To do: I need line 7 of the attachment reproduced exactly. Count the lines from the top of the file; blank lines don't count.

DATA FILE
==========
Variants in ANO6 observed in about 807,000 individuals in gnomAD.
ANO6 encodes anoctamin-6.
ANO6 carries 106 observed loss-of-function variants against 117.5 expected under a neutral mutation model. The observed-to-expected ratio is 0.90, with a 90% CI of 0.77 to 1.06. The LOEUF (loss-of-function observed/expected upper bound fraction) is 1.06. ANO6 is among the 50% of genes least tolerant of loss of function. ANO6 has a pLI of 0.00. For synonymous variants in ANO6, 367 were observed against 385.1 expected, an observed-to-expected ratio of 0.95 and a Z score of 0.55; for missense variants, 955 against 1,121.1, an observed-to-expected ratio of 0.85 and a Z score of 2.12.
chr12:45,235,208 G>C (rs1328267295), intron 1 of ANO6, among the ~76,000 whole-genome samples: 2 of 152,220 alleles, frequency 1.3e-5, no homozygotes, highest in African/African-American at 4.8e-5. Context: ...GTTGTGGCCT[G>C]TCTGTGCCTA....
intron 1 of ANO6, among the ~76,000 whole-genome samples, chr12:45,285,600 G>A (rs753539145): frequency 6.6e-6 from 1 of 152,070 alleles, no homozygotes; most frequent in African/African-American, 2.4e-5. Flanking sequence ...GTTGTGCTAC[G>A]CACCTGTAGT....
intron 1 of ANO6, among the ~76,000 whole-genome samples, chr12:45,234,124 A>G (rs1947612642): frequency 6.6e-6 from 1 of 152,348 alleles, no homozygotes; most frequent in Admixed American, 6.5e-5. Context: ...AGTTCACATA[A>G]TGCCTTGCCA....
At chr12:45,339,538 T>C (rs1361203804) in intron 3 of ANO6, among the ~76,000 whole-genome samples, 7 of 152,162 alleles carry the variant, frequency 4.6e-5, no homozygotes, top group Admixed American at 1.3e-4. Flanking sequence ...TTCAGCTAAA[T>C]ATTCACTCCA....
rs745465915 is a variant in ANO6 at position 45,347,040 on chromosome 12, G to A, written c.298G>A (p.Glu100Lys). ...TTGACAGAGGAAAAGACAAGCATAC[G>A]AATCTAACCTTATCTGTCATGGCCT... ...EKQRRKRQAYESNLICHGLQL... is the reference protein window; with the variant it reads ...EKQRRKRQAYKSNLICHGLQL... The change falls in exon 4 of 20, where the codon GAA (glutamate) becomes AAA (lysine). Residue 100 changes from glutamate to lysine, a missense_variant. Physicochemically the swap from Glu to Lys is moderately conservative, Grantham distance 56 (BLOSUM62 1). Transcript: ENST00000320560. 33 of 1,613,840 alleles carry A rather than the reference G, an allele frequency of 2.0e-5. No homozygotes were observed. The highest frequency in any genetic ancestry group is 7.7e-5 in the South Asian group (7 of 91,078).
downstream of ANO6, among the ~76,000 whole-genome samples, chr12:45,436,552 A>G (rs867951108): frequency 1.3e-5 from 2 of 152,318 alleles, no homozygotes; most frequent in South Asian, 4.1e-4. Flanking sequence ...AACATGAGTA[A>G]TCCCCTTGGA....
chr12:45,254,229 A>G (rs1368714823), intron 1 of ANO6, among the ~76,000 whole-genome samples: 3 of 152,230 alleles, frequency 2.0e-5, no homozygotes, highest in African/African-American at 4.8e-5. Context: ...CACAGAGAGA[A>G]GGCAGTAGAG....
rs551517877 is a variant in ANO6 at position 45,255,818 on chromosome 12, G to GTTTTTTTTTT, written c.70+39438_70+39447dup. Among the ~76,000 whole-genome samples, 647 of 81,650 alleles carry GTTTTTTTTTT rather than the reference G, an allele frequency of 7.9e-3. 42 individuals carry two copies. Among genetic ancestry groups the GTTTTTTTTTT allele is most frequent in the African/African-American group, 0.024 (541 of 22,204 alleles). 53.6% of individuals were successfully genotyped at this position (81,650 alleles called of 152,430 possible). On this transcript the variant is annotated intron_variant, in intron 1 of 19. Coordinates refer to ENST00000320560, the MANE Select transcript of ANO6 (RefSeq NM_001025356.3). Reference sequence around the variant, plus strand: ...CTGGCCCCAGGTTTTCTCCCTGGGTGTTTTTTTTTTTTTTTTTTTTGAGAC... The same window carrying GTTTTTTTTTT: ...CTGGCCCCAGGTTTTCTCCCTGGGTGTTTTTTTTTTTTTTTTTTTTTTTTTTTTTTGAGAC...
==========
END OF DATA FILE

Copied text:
At chr12:45,339,538 T>C (rs1361203804) in intron 3 of ANO6, among the ~76,000 whole-genome samples, 7 of 152,162 alleles carry the variant, frequency 4.6e-5, no homozygotes, top group Admixed American at 1.3e-4. Flanking sequence ...TTCAGCTAAA[T>C]ATTCACTCCA....